Why Intellectual Property protection is crucial for startups
World Intellectual Property Day is celebrated on April 26 every year. It is celebrated to create awareness about the role played by intellectual property in encouraging innovationand creativity. The theme of World Intellectual Property Day in 2019 is Intellectual Property Rights and Olympic Sports. However, the purview of intellectual property extends far beyond sporting competitions. Intellectual Property Rights (IPRs) are crucial for businesses as they drive innovation resulting in the delivery of better services and products for consumers.
Recently, Chris Skidmore, Hon’ble Minister of Intellectual Property, United Kingdom, stated that intellectual property is key to the economic success of the United Kingdom. Indeed, protections of intellectual property instil competition in the industry to produce best products and services that benefits the society to grow.
Intellectual property is crucial for startups
The surest way a startup can succeed against larger rivals is by patenting its inventions and ideas. Patents level the playing field between startups and incumbents by ensuring those who innovate are adequately rewarded. When a startup patents its ideas, its valuation increases and is likely to attract more investors. This is because investors are more likely to acquire a startup whose intellectual property rights are protected.
When a startup patents its ideas, it is the only entity that can take commercial advantage of its patentable ideas. This allows a startup to create unique products and services that have a good chance of success, thereby increasing profits. Unless a startup protects its intellectual property rights, its rivals can copy them and steal market share. An unpatented idea, when copied by a rival entity, can also be patented by its rival making it impossible for the originator of the idea to benefit from it. Hence, patentable ideas are vital to the success of a company.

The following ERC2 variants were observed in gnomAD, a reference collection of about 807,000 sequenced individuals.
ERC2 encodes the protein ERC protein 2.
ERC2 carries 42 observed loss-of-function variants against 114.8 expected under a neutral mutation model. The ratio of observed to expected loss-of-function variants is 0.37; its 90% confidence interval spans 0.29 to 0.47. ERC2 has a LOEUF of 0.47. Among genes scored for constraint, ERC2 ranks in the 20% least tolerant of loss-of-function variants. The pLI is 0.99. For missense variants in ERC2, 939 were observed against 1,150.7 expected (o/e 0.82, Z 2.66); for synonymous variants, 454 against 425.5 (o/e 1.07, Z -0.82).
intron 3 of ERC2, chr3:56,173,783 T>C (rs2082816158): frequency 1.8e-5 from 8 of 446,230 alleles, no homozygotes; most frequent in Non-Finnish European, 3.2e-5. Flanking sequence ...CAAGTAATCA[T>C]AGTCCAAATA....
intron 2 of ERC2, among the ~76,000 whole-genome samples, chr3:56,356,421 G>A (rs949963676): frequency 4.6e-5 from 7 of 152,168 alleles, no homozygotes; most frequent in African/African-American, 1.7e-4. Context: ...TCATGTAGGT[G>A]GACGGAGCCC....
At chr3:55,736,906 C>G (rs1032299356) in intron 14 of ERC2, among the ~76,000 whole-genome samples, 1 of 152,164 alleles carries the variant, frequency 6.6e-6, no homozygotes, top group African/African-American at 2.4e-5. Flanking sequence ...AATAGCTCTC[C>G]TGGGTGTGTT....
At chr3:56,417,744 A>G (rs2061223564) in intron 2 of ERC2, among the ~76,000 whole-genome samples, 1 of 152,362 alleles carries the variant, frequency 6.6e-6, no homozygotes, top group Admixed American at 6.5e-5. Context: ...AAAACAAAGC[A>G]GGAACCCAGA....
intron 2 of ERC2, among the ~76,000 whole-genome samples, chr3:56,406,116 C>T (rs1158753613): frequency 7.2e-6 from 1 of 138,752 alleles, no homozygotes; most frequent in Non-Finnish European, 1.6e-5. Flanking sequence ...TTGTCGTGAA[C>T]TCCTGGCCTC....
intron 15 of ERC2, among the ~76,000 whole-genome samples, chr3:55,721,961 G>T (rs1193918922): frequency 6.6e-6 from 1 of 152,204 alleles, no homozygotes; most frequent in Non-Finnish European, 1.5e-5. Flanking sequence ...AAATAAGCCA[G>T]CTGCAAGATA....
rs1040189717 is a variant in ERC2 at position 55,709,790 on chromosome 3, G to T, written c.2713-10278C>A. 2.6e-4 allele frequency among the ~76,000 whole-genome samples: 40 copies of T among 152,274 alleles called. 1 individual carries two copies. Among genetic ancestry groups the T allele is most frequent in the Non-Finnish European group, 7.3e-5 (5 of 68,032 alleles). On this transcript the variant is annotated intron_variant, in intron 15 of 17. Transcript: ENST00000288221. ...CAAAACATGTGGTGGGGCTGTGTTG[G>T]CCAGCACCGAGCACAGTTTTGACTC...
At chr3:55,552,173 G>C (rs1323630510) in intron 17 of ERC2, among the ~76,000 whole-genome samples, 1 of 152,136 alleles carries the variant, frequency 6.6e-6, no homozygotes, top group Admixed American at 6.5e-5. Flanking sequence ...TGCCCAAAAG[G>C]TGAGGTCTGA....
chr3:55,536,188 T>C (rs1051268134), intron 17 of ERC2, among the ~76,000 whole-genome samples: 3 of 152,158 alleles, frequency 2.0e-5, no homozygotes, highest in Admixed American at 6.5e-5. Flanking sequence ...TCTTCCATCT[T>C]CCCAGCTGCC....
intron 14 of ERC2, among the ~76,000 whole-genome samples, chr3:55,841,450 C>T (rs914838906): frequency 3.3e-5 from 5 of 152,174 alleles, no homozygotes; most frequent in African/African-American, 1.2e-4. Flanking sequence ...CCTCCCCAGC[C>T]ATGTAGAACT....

Intellectual property rights are important reasons for the vast innovation around us. Disruptive startups are challenging incumbents by patenting ideas. Intellectual property rights are also an important reason behind the success of the Indian startup ecosystem. IPR allows a startup that has developed an innovative device to compete effectively against large companies after patenting its invention. If a startup has a unique unpatented invention, larger rivals can easily copy, manufacture, and market it, effectively negating the startup's effort to create its invention. Hence, patents also protect smaller startups against larger rivals that have far greater resources.
IPR and sports
Intellectual property rights are a vital reason why professional and amateur sports are a multi-billion dollar industry globally. In the absence of intellectual property rights, audiences consisting of billions couldn’t enjoy watching their favourite athletes compete. It is because of IP rights that athletes are among the highest paid professionals in the world. Intellectual property rights ensure sports competitions and events generate huge revenues for organisers, who then distribute appropriately to all stakeholders, including athletes, sportsmen, and artists.
Held every four years, the Olympics is the biggest sporting event on Earth. The five-ringed logo of the Olympics is one of the most recognisable in the world. An organisation that wants to use the Olympic logo must sponsor an event. When an Olympic event is sponsored by the company, it pays a royalty to the Olympic Association. The Olympic Association earns millions of dollars in royalty by licensing its trademark logo. The Indian Premier League (IPL) also earns royalty in a similar manner.
The money earned by entities like the Olympic Association and the Indian Premier League is used to encourage sports, pay athletes, develop a robust sports infrastructure, and fund entire sporting ecosystems. The broadcasting rights to sporting events are also a form of IPR. Leading broadcasters compete for such rights which are licensed to a limited number of companies. By selling broadcasting rights, organisers of sporting events earn revenue that is paid to athletes and other stakeholders. Trademarks like the IPL logo is also a form of IPR and must be protected.
Intellectual property rights create wealth
Intellectual property rights include patents, trademarks, copyrights, and trade secrets. IPR cements the integrity of brands and is at the heart of a modern economy. Without IPRs, consumers couldn’t be sure whether a product marked with a particular logo was genuine. Thanks to IPRs, startups and other companies are incentivised to develop new and better technologies because bringing them to market increases their revenues.